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Stocks lumbered along on Friday and finished flat for the session, but the major indices still managed to overcome a sharp selloff on Monday and end the week with slight gains. And the market accomplished this turnaround in the second half of September, which is known as the toughest time of the year for stocks.
The headline is downright dull today with the S&P rising 0.15% to 4455.48 and the Dow up 0.10% (or about 33 points) to 34,798, giving these indices weekly gains of 0.5% and 0.6%, respectively.
Even the NASDAQ finished around the flatline (after a late session surge) by dipping only 0.03% (or less than 5 points) to 15,047.70, putting it up by less than four points over the five days.
However, these performances become much more impressive when you consider how this week started, namely with a sharp selloff of 1.7% or more on Monday for each of the indices. So the S&P and NASDAQ ended a two-week skid today, while the Dow is back in the green after a three-week slump.
Not a bad turn of events for September.
Obviously, the Fed played the right tune on Wednesday by keeping the stimulus measures in place for now, but warning that conditions are good enough to start thinking about scaling back the asset purchases. Many people think the Committee will start the ball rolling before the end of the year… and investors seem to be OK with it.
The Evergrande situation continues to be perilous with China’s largest property developer still in danger of defaulting without help from that country’s government. However, the market, which fears contagion from such a big failure, calmed down after the company resolved a $36 million interest payment on Wednesday. Of course, this issue remains unresolved so don’t be surprised if we hear more about it in the days ahead.
Speaking of unresolved, we’re still waiting around to see if the government is going to shutdown next week. Congress needs to pass some funding by September 30 or the doors are going to close in October. It’s just another thing that investors will have to worry about.
The good news is that September will be over next Thursday. Despite the past three days, the major indices are still down approximately 1.5% each so far this month. Let’s see if we can get back some of those losses next week.
Today’s Portfolio Highlights:
Counterstrike: Shares of food and drug store giant Kroger (KR) have collapsed 16% from recent highs due to supply chain issues. However, Jeremy agrees with analysts that this is likely a temporary problem. But the real head-scratcher with KR is that the market overlooked a strong report, which included a positive earnings surprise and even a raised fiscal year 2021 outlook. The stock has pulled back into a technical buy zone and now Jeremy sees profit in the aisles. He added KR on Friday with a 4% allocation. The plan is to add more on any further unnecessary pullbacks, while enjoying a 2% dividend along the way. Check out the complete commentary for more on this new pick.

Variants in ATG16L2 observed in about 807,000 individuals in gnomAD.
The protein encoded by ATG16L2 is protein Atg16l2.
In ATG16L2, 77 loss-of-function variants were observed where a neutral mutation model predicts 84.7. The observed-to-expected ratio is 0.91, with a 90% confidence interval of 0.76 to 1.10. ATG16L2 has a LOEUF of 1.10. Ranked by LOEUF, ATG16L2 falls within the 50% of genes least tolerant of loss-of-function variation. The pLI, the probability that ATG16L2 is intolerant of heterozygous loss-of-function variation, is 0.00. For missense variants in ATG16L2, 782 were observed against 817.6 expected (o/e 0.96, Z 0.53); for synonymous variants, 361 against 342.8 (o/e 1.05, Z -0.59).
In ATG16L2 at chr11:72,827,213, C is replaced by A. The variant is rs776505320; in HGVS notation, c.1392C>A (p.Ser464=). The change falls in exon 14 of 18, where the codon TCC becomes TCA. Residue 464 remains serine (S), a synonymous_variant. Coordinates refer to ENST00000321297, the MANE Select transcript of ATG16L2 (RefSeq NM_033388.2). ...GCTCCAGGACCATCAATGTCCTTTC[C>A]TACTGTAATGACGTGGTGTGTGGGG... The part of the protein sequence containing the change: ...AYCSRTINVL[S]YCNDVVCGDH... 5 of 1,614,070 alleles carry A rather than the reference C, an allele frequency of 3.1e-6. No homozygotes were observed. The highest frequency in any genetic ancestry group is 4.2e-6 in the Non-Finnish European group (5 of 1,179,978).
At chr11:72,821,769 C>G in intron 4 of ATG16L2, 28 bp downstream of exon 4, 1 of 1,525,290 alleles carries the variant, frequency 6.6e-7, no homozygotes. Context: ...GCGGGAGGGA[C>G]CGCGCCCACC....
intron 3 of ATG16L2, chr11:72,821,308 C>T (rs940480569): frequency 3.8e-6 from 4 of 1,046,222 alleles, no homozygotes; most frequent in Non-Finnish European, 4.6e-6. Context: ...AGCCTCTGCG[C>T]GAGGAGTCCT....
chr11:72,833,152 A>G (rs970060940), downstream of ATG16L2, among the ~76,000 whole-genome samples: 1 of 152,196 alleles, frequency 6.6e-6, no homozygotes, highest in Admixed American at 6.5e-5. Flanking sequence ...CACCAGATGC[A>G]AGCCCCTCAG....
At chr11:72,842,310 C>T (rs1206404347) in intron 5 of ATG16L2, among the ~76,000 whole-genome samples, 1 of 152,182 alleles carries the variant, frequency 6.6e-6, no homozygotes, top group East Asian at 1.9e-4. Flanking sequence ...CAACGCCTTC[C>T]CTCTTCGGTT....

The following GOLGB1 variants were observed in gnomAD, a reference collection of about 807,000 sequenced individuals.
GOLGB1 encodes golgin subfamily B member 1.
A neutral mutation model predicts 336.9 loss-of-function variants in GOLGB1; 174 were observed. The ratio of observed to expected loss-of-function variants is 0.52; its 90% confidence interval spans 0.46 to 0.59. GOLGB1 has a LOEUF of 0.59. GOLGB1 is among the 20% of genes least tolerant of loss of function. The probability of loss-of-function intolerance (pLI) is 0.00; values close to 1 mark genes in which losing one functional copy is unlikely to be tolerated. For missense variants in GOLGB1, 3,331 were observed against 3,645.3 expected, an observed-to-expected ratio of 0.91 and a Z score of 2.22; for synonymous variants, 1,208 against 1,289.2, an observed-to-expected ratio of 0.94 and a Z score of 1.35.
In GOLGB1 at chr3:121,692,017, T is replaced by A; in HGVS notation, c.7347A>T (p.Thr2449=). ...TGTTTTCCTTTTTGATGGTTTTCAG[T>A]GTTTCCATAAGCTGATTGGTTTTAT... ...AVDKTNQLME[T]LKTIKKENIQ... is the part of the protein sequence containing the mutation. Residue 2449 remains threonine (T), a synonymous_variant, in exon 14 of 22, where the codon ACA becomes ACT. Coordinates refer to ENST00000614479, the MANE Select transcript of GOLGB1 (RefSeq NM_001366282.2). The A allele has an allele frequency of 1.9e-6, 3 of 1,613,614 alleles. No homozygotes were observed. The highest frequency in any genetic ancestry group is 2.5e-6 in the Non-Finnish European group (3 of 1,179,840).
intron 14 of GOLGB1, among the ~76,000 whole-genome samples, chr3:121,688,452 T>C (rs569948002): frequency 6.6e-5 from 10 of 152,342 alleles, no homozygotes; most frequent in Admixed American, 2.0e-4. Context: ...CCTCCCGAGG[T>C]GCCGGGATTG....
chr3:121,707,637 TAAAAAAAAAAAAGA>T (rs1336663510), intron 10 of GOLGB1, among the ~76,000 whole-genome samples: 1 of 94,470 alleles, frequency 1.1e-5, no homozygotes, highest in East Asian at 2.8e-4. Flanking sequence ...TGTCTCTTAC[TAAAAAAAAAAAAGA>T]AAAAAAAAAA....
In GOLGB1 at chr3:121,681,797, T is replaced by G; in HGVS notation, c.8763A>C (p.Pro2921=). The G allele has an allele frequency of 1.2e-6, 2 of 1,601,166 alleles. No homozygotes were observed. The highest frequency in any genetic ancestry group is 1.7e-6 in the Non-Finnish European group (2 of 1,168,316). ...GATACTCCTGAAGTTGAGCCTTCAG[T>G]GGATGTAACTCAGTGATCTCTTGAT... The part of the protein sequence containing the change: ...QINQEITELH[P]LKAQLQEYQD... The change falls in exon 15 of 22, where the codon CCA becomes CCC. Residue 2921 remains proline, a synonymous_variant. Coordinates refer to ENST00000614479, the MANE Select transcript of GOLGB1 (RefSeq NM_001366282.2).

Stocks Under $10: “This should have been the chance for the quick traders to take profits and sellers should have been able to force this market down a little more here. Instead we see a mostly flat day and that is about as positive of an event as we could have.
“This is making me more and more aggressive in my stance and I believe that we are going to be making new highs in early October.
“Everything I am seeing, and I mean everything, is telling to get and stay aggressive. This week I will be fine tuning all the portfolios and making sure we are positioned for success.” — Brian Bolan.
By the way, this portfolio had the best performer among all ZU names on Friday with RCM Technologies (RCMT, +4.8%).
Value Investor: “Add onto all of that that there is uncertainty in Washington DC, with the Federal government possibly facing a shutdown next week and the raising of the debt ceiling deadline looming by mid-October.
“I’m not a fan of what is going on in DC. We’ve seen this movie before, specifically in 2011, and it didn’t end well then. In July 2011, the Dow fell for nearly 2 weeks and quickly corrected on worries about a US debt downgrade before an agreement on the debt ceiling and budget was reached.
“In 2011, the sell-off was a big buying opportunity, and I’m expecting it to be the same in 2021 if it happens this year too.
“But first, we’ll have to deal with the pain of the sell-off.” — Tracey Ryniec
Have a Great Weekend!
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